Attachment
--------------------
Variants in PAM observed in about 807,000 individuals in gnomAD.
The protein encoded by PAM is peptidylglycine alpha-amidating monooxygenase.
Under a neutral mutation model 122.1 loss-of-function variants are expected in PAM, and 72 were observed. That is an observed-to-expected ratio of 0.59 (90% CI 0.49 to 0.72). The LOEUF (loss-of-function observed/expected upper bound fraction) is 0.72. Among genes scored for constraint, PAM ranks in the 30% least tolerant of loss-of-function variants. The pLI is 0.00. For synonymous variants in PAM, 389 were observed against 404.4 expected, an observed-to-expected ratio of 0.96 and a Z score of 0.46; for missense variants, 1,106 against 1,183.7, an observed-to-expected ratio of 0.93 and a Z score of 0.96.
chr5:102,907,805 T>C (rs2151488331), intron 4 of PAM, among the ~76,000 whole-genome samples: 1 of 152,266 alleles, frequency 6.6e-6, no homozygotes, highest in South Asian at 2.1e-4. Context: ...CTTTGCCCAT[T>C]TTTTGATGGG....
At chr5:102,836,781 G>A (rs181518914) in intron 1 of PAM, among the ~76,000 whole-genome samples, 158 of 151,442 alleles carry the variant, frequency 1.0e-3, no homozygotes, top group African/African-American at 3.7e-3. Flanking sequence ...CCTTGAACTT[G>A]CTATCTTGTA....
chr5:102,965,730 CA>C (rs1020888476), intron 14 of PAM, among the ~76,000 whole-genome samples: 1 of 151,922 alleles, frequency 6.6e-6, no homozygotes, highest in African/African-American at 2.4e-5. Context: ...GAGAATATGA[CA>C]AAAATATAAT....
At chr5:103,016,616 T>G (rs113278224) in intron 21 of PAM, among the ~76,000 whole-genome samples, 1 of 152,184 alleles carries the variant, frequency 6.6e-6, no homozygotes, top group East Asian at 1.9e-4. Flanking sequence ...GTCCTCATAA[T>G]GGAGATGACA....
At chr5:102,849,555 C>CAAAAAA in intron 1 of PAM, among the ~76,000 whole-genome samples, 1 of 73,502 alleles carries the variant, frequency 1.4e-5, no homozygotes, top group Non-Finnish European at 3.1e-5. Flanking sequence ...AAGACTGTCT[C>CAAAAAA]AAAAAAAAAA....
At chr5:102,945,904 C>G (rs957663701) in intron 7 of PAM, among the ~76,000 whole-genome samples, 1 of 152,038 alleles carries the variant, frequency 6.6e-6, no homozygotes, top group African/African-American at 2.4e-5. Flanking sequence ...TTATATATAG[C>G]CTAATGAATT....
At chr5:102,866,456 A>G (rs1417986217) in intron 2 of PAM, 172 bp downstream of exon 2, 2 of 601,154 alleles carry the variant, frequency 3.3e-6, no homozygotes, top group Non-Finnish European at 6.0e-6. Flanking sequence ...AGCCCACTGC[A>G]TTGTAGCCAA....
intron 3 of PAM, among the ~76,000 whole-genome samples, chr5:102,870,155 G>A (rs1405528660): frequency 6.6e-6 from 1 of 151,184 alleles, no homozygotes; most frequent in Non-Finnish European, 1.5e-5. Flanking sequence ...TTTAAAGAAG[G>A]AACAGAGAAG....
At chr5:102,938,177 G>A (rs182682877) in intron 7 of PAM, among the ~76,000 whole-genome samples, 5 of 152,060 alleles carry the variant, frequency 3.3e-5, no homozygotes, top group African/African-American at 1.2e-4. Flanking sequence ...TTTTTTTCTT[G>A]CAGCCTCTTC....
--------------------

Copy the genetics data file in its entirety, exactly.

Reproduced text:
Variants in PAM observed in about 807,000 individuals in gnomAD.
The protein encoded by PAM is peptidylglycine alpha-amidating monooxygenase.
Under a neutral mutation model 122.1 loss-of-function variants are expected in PAM, and 72 were observed. That is an observed-to-expected ratio of 0.59 (90% CI 0.49 to 0.72). The LOEUF (loss-of-function observed/expected upper bound fraction) is 0.72. Among genes scored for constraint, PAM ranks in the 30% least tolerant of loss-of-function variants. The pLI is 0.00. For synonymous variants in PAM, 389 were observed against 404.4 expected, an observed-to-expected ratio of 0.96 and a Z score of 0.46; for missense variants, 1,106 against 1,183.7, an observed-to-expected ratio of 0.93 and a Z score of 0.96.
chr5:102,907,805 T>C (rs2151488331), intron 4 of PAM, among the ~76,000 whole-genome samples: 1 of 152,266 alleles, frequency 6.6e-6, no homozygotes, highest in South Asian at 2.1e-4. Context: ...CTTTGCCCAT[T>C]TTTTGATGGG....
At chr5:102,836,781 G>A (rs181518914) in intron 1 of PAM, among the ~76,000 whole-genome samples, 158 of 151,442 alleles carry the variant, frequency 1.0e-3, no homozygotes, top group African/African-American at 3.7e-3. Flanking sequence ...CCTTGAACTT[G>A]CTATCTTGTA....
chr5:102,965,730 CA>C (rs1020888476), intron 14 of PAM, among the ~76,000 whole-genome samples: 1 of 151,922 alleles, frequency 6.6e-6, no homozygotes, highest in African/African-American at 2.4e-5. Context: ...GAGAATATGA[CA>C]AAAATATAAT....
At chr5:103,016,616 T>G (rs113278224) in intron 21 of PAM, among the ~76,000 whole-genome samples, 1 of 152,184 alleles carries the variant, frequency 6.6e-6, no homozygotes, top group East Asian at 1.9e-4. Flanking sequence ...GTCCTCATAA[T>G]GGAGATGACA....
At chr5:102,849,555 C>CAAAAAA in intron 1 of PAM, among the ~76,000 whole-genome samples, 1 of 73,502 alleles carries the variant, frequency 1.4e-5, no homozygotes, top group Non-Finnish European at 3.1e-5. Flanking sequence ...AAGACTGTCT[C>CAAAAAA]AAAAAAAAAA....
At chr5:102,945,904 C>G (rs957663701) in intron 7 of PAM, among the ~76,000 whole-genome samples, 1 of 152,038 alleles carries the variant, frequency 6.6e-6, no homozygotes, top group African/African-American at 2.4e-5. Flanking sequence ...TTATATATAG[C>G]CTAATGAATT....
At chr5:102,866,456 A>G (rs1417986217) in intron 2 of PAM, 172 bp downstream of exon 2, 2 of 601,154 alleles carry the variant, frequency 3.3e-6, no homozygotes, top group Non-Finnish European at 6.0e-6. Flanking sequence ...AGCCCACTGC[A>G]TTGTAGCCAA....
intron 3 of PAM, among the ~76,000 whole-genome samples, chr5:102,870,155 G>A (rs1405528660): frequency 6.6e-6 from 1 of 151,184 alleles, no homozygotes; most frequent in Non-Finnish European, 1.5e-5. Flanking sequence ...TTTAAAGAAG[G>A]AACAGAGAAG....
At chr5:102,938,177 G>A (rs182682877) in intron 7 of PAM, among the ~76,000 whole-genome samples, 5 of 152,060 alleles carry the variant, frequency 3.3e-5, no homozygotes, top group African/African-American at 1.2e-4. Flanking sequence ...TTTTTTTCTT[G>A]CAGCCTCTTC....